NICOSIA // Russia rejected Cyprus's plea for an economic lifeline yesterday, forcing the bankrupt threatened country to reconsider a tax on bank deposits.
Last night, Cyprus was in "hard negotiations" with a troika of lenders - the EU, ECB and International Monetary Fund.
The European Union has given Nicosia until Monday to raise €5.8billion (Dh27.7bn) to unlock loans worth €10bn or face being denied European Central Bank (ECB) emergency funds in a move that would collapse its economy.
EU sources have said the bloc is ready to eject Cyprus from the euro zone to prevent contagion of other debt-hit members such as Greece, Spain and Italy.
Long-time ally Russia also cold-shouldered its offer of investment proposals, leaving the country increasingly isolated even as the German chancellor Angela Merkel warned that the patience of its European partners was wearing thin.
The official CNA news agency cited an unnamed government source as saying Cyprus was looking to renegotiate a deal with the troika.
The deal includes a "haircut" on bank deposits, calling it the "best solution" under the circumstances.
Government spokesman Christos Stylianides said it was locked in "hard negotiations with the troika" and that parliament would "soon be called upon to take the big decisions", but did not elaborate.
He was referring to an emergency session of parliament expected late last night to examine a raft of eight bills aimed at raising billions of euros to secure the vital bailout.
One bill sets up an investment fund and the nationalisation of pension funds, with bonds issued against future natural gas revenues, while another prevents large outflows of capital from the country when banks reopen.
The "haircut" proposal was abruptly knocked back by parliament on Tuesday, in a resounding "no" vote that jolted global markets and raised fears of a debt contagion in the euro zone.
But Cyprus's chamber of commerce and employers' federation called on MPs to reconsider their opposition to a tax on bank deposits above €100,000 euros to rescue the island's economy.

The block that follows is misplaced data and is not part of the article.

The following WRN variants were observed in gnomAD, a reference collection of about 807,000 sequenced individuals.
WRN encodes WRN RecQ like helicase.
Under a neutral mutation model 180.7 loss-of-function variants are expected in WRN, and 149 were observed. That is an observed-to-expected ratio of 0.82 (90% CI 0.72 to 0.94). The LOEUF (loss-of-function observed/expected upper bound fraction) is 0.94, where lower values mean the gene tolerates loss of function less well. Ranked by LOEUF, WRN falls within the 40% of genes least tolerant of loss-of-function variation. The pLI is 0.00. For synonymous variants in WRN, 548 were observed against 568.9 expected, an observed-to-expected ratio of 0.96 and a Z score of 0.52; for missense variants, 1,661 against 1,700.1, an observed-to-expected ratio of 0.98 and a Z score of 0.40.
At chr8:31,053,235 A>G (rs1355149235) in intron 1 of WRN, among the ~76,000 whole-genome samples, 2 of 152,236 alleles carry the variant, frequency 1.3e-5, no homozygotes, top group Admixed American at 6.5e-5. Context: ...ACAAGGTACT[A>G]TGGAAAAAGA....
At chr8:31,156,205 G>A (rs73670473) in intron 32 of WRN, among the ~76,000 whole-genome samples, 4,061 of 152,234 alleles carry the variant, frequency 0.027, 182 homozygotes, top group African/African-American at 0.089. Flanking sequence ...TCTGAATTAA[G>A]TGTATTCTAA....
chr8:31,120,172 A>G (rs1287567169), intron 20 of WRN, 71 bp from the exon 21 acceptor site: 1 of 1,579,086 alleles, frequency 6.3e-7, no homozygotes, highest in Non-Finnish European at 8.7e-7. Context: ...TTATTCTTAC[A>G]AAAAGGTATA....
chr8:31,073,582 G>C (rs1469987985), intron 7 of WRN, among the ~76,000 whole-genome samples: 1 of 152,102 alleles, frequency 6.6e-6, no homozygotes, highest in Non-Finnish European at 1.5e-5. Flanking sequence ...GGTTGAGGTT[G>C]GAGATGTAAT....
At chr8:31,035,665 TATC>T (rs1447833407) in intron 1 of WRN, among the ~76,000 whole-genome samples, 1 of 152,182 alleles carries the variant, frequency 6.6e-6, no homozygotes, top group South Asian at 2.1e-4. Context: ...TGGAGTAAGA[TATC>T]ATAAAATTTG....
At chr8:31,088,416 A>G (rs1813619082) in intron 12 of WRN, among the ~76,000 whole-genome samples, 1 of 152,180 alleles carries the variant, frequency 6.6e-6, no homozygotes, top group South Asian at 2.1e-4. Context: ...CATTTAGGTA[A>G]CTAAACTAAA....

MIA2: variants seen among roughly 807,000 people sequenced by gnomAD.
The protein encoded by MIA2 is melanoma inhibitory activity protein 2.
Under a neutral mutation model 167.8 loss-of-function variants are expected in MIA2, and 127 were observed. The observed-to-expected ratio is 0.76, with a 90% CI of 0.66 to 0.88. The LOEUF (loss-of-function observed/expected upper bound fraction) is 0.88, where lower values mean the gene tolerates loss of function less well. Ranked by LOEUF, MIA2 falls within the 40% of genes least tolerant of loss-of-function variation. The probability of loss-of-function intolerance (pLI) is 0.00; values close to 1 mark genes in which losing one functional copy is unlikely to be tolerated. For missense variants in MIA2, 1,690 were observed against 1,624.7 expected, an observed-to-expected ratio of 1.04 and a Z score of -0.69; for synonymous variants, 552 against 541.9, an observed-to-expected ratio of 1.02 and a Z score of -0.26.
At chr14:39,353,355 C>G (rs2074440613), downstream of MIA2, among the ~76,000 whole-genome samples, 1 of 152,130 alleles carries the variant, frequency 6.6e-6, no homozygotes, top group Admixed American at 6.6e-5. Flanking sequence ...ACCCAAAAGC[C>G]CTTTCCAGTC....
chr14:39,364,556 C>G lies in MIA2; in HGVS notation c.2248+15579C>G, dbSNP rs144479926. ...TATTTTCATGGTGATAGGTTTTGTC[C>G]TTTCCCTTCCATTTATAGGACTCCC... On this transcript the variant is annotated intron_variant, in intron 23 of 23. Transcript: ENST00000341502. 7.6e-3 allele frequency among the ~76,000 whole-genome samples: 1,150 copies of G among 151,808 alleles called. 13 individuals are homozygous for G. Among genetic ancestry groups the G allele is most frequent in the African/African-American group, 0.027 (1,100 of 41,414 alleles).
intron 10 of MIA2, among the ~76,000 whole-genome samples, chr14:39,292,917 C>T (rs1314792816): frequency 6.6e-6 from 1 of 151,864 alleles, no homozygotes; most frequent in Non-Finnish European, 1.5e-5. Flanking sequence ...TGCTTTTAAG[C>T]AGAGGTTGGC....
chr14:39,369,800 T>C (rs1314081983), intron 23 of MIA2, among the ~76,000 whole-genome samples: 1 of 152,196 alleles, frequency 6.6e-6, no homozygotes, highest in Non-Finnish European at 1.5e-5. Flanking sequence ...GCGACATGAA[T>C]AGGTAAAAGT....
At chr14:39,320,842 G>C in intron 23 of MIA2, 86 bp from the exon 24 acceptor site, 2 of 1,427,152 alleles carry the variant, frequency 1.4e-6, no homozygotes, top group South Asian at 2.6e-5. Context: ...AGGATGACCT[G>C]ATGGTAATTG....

"The current situation is now affecting all sectors of the economy such as services, trade, industry and construction, it is no longer limited to the areas of financial services," they warned.
"Businesses can no longer operate and there is a visible risk that many will be forced to temporarily suspend operations."
The Bank of Cyprus and Popular Bank, the island's two largest banks which are both in danger of collapse, also came out in favour of a rethink on the levy yesterday.
Cyprus's hopes of an economic lifeline from Russia proved to be illusory, and finance minister Michalis Sarris left Moscow yesterday after two days of talks without clinching an agreement.
Russian officials said two major state-owned energy firms had turned down deals proposed by Sarris to fill the €5.8bn shortfall left by the EU-IMF bailout offer.
"Our investors examined this issue and showed no interest," Russian news agencies quoted finance minister Anton Siluanov as saying.
The Russian prime minister Dmitry Medvedev said later that Moscow "has not closed the door" on possible future assistance but would discuss this only after Cyprus had reached a deal with the EU.
The third biggest Greek bank, Piraeus Bank, is to acquire the Greek subsidiaries of the Bank of Cyprus and the Popular Bank to ensure the stability of their operations in Greece, a banking source said.
With the absorption, the subsidiaries become Greek banks and eligible for recapitalisation funds made available by the second bailout to Greece, rather than requiring Cyprus bailout money.
* Agence France-Presse